Splatter Time Fun Fest 2012: Dressed To Kill (1980)

I’m never dressed for anything, let alone to kill, I need to work on my wardrobe!

Written By: Brian De Palma
Directed By: Brian De Palma

My wife checked out of Dressed To Kill after the opening shower masturbation scene. I understand her reasons, but at the same time I had an inkling that Dressed To Kill was a film that was in control of its sleaze as opposed to its sleaze being in control of it. I’d go so far as to say that it’s important that Kate, played by Angie Dickinson, be oversexualized. Her rampant sexuality is the only reason she meets her fate, because in a film about struggling with your sexual identity it only makes sense that the most confident sexual character would meet an unseemly end. The same goes for Liz, played by Nancy Allen, she isn’t conflicted about her feelings on sex and that’s why she becomes a target. Brian De Palma’s Dressed To Kill is ripe with sexual politics and gender identity issues, and those themes only work because of how over the top the sexuality of the film is throughout.

I was caught up in the web that Mr. De Palma was weaving in Dressed To Kill very early on. By the time he focused on a shot of Kate’s crossed feet next to the wide open stance of Warren’s feet I was completely ensnared. That is a small shot but it tells the viewer everything they need to know about the sexual games those two characters are playing. Outside of one exposition scene (which I do believe was heavy on exposition on purpose) involving a doctor near the end Dressed To Kill is a film that allows its visuals to tell its story. It’s as if the characters in this melodramatic thriller exist to serve the visuals. That’s not a bad thing in this case as Mr. De Palma gives the characters life and meaning through the visual artistry he employs.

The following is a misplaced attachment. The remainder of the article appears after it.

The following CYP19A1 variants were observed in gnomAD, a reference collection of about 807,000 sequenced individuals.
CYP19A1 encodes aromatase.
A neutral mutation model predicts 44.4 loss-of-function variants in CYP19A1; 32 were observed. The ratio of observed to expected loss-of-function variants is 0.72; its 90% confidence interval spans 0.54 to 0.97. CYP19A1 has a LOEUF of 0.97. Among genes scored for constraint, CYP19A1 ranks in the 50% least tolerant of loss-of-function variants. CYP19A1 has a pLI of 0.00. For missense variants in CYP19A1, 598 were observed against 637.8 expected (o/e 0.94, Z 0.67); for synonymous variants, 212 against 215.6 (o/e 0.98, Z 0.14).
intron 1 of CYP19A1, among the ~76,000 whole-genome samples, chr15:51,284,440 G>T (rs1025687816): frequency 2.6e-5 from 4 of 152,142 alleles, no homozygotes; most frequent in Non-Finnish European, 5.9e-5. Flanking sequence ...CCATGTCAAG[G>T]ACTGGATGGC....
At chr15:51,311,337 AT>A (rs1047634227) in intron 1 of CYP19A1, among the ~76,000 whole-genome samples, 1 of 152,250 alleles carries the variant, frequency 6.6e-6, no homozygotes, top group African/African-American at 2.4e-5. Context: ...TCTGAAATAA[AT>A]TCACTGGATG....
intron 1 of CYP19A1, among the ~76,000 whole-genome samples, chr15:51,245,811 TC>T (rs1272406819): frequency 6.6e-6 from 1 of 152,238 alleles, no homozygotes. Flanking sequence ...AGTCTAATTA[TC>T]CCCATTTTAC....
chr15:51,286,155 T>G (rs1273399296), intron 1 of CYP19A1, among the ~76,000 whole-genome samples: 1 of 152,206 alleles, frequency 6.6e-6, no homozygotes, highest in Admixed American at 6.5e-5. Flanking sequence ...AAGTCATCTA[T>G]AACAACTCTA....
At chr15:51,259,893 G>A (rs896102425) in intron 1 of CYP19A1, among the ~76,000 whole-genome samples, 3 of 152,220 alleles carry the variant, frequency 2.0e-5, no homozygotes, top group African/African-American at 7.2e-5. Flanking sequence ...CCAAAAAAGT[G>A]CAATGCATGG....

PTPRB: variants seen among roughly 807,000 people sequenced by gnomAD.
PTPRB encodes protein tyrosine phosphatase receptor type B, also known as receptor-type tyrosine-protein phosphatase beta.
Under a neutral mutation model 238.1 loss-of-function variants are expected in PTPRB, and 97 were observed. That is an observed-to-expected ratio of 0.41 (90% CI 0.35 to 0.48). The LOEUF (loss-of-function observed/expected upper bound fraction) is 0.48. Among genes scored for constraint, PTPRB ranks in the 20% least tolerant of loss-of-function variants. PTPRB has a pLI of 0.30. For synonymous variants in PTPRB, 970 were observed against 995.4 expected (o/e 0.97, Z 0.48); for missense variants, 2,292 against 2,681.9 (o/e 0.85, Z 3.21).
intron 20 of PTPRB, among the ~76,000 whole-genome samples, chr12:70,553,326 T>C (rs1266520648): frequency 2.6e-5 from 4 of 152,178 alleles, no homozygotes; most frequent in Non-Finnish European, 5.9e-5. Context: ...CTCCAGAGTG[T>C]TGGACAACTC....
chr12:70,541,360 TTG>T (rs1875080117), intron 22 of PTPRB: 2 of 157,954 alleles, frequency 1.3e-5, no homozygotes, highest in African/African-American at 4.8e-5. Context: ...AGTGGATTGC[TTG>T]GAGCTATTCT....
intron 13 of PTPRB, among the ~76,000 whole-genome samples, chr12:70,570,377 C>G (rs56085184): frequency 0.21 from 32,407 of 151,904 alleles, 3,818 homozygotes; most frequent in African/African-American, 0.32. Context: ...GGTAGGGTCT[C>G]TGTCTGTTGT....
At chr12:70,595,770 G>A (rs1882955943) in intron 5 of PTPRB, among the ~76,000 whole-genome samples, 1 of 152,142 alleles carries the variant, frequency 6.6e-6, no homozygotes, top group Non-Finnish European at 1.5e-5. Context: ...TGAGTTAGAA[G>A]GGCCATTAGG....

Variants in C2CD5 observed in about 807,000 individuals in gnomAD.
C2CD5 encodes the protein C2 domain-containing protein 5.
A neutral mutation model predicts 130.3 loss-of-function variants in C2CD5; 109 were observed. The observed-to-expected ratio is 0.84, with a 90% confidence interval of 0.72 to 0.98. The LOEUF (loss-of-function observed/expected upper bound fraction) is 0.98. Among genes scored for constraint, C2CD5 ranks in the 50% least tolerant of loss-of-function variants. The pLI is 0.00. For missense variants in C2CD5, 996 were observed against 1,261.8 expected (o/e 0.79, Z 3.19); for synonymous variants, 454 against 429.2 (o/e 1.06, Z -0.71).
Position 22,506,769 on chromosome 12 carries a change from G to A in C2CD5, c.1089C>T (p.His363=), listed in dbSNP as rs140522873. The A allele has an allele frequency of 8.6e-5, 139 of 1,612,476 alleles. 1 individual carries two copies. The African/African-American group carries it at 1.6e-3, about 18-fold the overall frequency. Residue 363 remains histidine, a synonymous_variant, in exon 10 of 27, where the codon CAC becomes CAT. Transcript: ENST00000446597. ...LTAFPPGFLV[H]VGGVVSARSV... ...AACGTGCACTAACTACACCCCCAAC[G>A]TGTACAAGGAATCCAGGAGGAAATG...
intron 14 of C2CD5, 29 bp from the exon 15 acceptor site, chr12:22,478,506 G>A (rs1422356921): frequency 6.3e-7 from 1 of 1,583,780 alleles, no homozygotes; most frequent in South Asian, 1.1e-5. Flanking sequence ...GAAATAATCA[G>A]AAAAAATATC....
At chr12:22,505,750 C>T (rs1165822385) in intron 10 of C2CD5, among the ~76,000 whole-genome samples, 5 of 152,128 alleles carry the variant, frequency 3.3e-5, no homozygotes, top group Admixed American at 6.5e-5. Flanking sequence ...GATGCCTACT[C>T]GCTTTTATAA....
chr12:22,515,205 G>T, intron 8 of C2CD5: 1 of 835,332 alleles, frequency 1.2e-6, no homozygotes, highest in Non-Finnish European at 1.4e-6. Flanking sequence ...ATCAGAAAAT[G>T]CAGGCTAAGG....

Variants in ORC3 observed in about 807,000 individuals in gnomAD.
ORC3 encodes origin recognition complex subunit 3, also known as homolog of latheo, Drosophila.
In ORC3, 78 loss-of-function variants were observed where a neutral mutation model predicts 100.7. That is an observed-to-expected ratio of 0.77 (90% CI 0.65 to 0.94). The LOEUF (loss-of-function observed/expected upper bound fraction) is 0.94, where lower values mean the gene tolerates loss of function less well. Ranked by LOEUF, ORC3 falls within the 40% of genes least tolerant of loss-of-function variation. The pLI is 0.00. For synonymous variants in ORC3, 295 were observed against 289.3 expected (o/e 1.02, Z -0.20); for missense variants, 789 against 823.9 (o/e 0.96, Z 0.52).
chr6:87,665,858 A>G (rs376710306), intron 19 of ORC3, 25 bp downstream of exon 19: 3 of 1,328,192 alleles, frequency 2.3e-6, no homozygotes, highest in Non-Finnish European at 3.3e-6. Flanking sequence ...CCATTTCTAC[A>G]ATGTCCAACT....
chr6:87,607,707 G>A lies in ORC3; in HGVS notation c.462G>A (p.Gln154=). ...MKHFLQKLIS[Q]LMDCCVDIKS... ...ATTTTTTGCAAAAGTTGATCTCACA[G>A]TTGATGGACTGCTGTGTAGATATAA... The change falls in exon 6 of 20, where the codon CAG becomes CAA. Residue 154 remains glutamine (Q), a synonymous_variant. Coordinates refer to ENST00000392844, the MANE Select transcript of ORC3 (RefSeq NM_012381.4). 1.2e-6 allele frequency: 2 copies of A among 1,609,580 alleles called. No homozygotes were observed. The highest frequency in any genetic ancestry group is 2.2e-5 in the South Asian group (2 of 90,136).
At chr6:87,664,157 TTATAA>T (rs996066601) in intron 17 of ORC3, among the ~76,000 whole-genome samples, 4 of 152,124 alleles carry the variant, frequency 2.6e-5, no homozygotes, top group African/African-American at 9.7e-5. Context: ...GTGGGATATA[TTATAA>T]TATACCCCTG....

Of course the visual force that Mr. De Palma uses to tell his story would not have worked without actors so willing to play their parts. Michael Caine is aloof and unhinged in a very believable way. Angie Dickinson is the sexpot stereotype come to life, and during the scene in the elevator it as if sex itself is being attacked. Nancy Allen is the odd combination of assured and wide eyed, that’s why she’s never a traditional damsel in distress but more of a damsel who might be able to take care of herself or who might wind up dead. Dennis Franz comes up against a way of life, and people, that he doesn’t understand and his detective is as vitriolic and bitter as I think the majority of people would be when confronted with something that challenges their way of life. Finally there is Keith Gordon who plays Peter Miller as the type of know it all kid who is in way over his head but finds a way to succeed because he’s just innocent enough to come out on top.